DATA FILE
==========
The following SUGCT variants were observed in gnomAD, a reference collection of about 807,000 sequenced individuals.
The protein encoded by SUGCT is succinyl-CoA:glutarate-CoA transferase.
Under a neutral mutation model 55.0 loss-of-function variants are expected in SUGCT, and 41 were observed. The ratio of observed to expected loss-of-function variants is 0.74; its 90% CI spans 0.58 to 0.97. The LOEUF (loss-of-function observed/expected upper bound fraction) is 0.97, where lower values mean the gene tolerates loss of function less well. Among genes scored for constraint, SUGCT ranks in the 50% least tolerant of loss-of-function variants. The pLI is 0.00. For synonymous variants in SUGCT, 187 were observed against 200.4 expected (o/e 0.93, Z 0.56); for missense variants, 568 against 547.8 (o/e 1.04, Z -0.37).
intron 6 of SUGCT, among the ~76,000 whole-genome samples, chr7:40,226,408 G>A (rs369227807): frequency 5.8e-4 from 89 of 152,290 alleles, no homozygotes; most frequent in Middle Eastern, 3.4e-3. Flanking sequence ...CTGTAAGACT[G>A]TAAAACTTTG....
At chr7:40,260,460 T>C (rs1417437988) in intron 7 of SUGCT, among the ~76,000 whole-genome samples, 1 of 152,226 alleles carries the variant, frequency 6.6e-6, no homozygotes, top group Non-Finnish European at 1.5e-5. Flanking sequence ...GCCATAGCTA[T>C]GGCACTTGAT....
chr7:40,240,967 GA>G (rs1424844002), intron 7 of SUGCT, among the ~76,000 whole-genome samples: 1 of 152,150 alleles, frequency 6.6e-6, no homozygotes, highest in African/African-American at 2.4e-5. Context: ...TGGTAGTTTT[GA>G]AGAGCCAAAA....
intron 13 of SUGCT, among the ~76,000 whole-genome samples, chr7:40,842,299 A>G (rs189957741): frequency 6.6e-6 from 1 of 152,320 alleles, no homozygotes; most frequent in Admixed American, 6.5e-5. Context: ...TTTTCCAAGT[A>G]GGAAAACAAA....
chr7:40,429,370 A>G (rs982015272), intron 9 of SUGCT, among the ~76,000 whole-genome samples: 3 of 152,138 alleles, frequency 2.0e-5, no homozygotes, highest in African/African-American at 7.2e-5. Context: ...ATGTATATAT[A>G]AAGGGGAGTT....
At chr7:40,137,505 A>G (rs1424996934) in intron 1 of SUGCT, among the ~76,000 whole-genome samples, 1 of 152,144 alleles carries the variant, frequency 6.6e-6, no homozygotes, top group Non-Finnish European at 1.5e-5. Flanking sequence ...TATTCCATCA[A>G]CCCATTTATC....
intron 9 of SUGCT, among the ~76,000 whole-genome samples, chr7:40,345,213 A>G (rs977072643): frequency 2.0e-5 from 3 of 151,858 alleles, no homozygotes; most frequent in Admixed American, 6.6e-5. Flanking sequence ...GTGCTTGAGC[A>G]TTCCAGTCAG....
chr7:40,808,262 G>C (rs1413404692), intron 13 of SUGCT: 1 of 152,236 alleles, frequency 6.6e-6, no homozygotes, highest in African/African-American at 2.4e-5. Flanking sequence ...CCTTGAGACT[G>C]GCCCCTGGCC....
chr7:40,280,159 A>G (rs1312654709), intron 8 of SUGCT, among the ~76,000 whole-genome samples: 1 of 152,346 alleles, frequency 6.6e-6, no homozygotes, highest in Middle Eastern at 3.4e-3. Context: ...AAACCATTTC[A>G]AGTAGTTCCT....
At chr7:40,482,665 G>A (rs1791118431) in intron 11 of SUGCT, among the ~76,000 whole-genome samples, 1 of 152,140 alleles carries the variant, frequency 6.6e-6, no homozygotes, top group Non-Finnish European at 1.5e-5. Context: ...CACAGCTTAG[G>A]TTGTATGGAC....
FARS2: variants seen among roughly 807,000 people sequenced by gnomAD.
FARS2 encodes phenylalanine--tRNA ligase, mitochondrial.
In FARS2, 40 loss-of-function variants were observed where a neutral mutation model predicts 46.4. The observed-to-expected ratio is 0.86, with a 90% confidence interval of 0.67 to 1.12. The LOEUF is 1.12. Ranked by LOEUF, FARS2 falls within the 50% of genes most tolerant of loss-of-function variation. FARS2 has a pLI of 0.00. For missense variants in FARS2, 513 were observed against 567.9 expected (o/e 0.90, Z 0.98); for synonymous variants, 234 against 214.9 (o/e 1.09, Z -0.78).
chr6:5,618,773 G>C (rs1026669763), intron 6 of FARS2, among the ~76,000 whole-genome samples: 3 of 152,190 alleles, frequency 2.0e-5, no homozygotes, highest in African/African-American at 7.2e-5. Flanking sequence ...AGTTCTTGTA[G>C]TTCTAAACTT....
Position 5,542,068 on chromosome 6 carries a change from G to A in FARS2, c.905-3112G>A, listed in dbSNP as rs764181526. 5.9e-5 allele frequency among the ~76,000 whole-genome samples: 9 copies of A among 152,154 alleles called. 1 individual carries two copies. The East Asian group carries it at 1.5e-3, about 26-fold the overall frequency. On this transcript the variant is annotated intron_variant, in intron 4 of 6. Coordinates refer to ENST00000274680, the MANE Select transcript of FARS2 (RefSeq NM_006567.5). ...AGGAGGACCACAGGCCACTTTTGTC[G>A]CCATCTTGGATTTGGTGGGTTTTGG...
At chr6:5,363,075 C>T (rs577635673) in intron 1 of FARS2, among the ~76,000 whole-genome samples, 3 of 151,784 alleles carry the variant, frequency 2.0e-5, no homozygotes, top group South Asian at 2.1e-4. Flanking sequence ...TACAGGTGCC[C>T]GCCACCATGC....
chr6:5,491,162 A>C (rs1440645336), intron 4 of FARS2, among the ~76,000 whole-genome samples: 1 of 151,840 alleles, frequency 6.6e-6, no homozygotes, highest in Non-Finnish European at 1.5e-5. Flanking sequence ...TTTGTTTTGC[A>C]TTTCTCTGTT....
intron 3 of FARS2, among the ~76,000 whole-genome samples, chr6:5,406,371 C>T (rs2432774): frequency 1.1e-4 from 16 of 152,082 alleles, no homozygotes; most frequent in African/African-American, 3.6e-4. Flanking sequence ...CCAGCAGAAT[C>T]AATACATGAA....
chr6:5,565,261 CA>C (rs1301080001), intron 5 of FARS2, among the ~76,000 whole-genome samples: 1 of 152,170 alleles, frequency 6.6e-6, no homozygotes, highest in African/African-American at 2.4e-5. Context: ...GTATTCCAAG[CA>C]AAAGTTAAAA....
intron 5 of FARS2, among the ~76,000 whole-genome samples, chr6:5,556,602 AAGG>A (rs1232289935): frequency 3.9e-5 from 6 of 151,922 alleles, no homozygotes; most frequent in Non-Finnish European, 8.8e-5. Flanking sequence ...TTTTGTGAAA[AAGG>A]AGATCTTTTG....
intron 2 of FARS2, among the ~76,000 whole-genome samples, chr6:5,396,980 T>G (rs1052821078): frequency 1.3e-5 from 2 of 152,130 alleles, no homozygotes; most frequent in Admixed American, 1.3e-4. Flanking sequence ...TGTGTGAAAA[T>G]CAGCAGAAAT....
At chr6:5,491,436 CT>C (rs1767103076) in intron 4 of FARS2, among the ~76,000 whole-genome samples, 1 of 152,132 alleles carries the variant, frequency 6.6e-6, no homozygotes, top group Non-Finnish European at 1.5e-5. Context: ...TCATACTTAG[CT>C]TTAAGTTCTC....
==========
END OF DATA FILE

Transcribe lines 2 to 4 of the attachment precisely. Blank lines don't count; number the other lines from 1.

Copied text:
The protein encoded by SUGCT is succinyl-CoA:glutarate-CoA transferase.
Under a neutral mutation model 55.0 loss-of-function variants are expected in SUGCT, and 41 were observed. The ratio of observed to expected loss-of-function variants is 0.74; its 90% CI spans 0.58 to 0.97. The LOEUF (loss-of-function observed/expected upper bound fraction) is 0.97, where lower values mean the gene tolerates loss of function less well. Among genes scored for constraint, SUGCT ranks in the 50% least tolerant of loss-of-function variants. The pLI is 0.00. For synonymous variants in SUGCT, 187 were observed against 200.4 expected (o/e 0.93, Z 0.56); for missense variants, 568 against 547.8 (o/e 1.04, Z -0.37).
intron 6 of SUGCT, among the ~76,000 whole-genome samples, chr7:40,226,408 G>A (rs369227807): frequency 5.8e-4 from 89 of 152,290 alleles, no homozygotes; most frequent in Middle Eastern, 3.4e-3. Flanking sequence ...CTGTAAGACT[G>A]TAAAACTTTG....